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What Ghislaine Maxwell’s Unsealed Deposition Teaches About Preparing Witnesses for Depositions

By Shiva Hamidinia

December 18, 2020

Although depositions are routine for attorneys, they can be nerve-racking for witnesses, especially for witnesses who haven’t previously been deposed.  A deposition is the opportunity for a party in litigation to obtain oral evidence from a witness that is taken under oath and transcribed by a court reporter.  Preparing a witness can help him or her know what to expect.  The recently unsealed deposition transcript of Ghislaine Maxwell, the late Jeffrey Epstein’s alleged associate, provides a few helpful illustrations of do’s and don’ts for witness preparation.

Deposition Don’ts:

  1. Don’t lie.  Don’t cover for anyone.  Following the deposition, several federal perjury counts were brought against Maxwell for alleged untruthful statements she made while under oath.  Tell the truth.  Never attempt to misrepresent facts to protect yourself or help your employer.  Stick to the facts.  A witness should only testify to things he or she personally knows and always tell the truth.
  2. Don’t lose your temper or composure.  Maxwell smacked the table after repeated questioning regarding the plaintiff, Virginia Giuffre’s, age when the two first met.  Ms. Giuffre’s lawyer did not hesitate to describe this gesture on the record, stating that: “Ms. Maxwell very inappropriately and very harshly pounded our law firm table in an inappropriate manner. … I know this is a difficult position but physical assault or threats is not appropriate, so no pounding, no stomping, no, that’s not appropriate.”  Don’t argue or get angry, even if opposing counsel is rude or overbearing.  Never swear on the record.  Be polite.  Treat all persons in the deposition room with respect.
  3. Don’t offer your own objections to a question.  As Maxwell’s attorney reminded her when she offered her own objection to a question, “You don’t get to object.”  Let your attorney handle objections.  Pause after every question to afford your counsel the opportunity to record their objection.  Unless directed not to answer, answer each question asked.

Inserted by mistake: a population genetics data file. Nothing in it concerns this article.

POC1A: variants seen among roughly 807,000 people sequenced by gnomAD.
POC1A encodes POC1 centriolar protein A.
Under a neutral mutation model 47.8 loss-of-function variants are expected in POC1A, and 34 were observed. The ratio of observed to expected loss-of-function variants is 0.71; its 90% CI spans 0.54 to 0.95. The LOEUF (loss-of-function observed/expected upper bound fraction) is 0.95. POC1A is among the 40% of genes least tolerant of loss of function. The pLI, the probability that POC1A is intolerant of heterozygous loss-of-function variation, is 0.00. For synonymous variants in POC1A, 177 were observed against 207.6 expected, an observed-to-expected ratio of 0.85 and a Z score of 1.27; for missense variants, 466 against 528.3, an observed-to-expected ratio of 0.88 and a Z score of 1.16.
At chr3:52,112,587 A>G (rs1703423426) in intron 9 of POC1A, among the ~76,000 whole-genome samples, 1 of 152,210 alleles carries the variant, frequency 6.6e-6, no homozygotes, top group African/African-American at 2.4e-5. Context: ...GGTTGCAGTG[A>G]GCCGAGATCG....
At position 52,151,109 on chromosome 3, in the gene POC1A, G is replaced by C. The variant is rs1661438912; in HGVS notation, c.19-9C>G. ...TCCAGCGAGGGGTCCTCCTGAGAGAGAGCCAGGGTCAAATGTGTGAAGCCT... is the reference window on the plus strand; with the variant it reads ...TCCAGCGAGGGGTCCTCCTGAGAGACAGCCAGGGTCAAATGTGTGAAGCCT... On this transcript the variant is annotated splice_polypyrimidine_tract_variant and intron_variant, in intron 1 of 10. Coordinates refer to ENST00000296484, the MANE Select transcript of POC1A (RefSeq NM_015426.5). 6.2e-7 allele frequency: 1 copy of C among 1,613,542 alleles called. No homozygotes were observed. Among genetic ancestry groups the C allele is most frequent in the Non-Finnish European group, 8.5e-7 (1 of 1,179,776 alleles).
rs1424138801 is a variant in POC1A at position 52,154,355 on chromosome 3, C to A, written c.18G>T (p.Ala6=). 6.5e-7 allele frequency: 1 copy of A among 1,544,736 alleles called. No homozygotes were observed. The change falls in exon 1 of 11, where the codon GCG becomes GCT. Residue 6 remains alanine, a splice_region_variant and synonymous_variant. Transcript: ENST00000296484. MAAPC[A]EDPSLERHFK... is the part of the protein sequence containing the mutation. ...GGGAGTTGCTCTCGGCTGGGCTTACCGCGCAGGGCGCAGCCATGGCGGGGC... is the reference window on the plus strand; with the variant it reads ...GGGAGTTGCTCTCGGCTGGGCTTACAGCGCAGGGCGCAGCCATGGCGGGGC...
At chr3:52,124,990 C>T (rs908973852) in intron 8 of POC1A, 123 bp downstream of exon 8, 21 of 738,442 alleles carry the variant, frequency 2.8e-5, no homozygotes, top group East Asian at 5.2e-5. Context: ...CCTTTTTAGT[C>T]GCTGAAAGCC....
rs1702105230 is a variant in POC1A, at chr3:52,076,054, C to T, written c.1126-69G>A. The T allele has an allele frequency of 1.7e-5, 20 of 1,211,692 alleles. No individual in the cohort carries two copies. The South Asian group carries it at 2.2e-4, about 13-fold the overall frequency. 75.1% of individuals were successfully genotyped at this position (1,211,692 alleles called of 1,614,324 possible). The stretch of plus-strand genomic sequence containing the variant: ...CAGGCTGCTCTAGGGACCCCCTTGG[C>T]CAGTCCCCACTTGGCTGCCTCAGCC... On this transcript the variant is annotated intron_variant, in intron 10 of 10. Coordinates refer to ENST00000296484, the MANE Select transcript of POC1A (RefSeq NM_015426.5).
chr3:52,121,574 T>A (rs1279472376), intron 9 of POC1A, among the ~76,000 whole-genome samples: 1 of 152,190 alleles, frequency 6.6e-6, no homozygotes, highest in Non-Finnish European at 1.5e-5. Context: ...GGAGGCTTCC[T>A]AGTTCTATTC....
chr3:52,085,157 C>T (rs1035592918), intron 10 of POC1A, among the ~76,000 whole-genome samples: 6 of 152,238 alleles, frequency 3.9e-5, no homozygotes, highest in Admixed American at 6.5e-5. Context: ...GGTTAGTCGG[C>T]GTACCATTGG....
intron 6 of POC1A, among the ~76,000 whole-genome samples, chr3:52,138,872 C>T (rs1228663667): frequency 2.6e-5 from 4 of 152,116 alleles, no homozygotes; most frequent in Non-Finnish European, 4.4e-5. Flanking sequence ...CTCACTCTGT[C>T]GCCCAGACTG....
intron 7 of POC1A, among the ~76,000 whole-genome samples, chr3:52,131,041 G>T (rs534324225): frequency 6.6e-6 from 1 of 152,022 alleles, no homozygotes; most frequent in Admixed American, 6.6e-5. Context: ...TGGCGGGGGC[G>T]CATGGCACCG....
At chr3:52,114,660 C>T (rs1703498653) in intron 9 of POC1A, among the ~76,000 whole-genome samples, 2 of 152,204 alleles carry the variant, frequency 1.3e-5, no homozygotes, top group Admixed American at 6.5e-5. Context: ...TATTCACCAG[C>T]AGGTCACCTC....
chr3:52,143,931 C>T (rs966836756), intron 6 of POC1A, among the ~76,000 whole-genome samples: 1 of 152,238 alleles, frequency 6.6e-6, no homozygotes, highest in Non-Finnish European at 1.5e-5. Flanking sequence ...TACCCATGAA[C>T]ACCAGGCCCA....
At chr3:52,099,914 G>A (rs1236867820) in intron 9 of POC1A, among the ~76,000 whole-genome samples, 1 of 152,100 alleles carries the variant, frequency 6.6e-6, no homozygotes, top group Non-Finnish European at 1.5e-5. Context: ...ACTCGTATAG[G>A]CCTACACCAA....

4. Don’t assume where a question may be going. If asked questions that assume facts that are not true – make it clear that it is the attorney’s assumption not yours.
  5. Don’t ramble.  Once finished with your answer, stop talking.  A witness should not offer opinions or estimates (distance, dates, times, etc.) unless he or she has a good basis for knowing the estimate is accurate.  If pressed, but unsure, you can start an answer with “I’m not certain, but I can guess …”
  6. Don’t hide negative information from your lawyer.  Make sure your attorney knows everything.  Trust them and let them deal with any negative aspects of your testimony or actions before the deposition to avoid any surprises.
  7. Don’t answer by gestures or with answers such as “uh-huh.  ” Answer out loud with words such as “yes” or “no.”

Deposition Do’s.

  1. Tell the truth. Never attempt to misrepresent facts to protect yourself or help your employer.
  2. Listen and wait.  Listen carefully to the question being asked.  Pause, think, and answer based on what you know, personally (not what others have told you).  A good way to do this is to rephase a question and ask yourself how you know the answer to a question before answering.  Pausing after the question also affords your counsel the opportunity to record any objections.  Avoid talking over others.  The court reporter can only record one person talking at a time.
  3. Understand.  Make sure you understand the question.  Take care answering and seek clarification on questions that are: compound, assume facts, include prefatory statements, call for speculation, or paraphrase prior answers.
  4. Read carefully.  Any document handed to you as an exhibit should be reviewed carefully before you start answering questions.  Even if told to turn to a particular page, you may read the entire document.  If a document is an email, check to see that your email is included on the address line.
  5. Take a break.  Ask for breaks when you need them, and when you don’t.  About every hour is a good stopping point to take a breather.  Depositions can be mentally exhausting.  Have a glass of water and snacks stashed nearby to keep hydrated.

In a deposition, witnesses will often commit themselves to a story under oath that cannot later be changed.  All counsel will be evaluating how a particular witness performs during their deposition to determine how effective they will be at trial.  A successful deposition can sometimes prompt settlement discussions, or serve as grounds for a party to move for summary judgment.  For all these reasons, it is important to prepare a witness thoroughly in advance of their deposition.

About the author:

Shiva helps high growth government contractors win, keep, and successfully perform projects.  When litigation is necessary to achieve clients’ objectives, Shiva efficiently navigates matters through state and federal courts in the District of Columbia, Maryland, and Virginia, the Boards of Contract Appeals, the U.S. Court of Federal Claims, and the Federal Circuit.


The information provided in this blog does not, and is not intended to, constitute legal advice; instead, all information, content, and materials available on this site are for general informational purposes only.  Information on this website may not constitute the most up-to-date legal or other information.  Readers of this website should contact their attorney to obtain advice with respect to any particular legal matter. 

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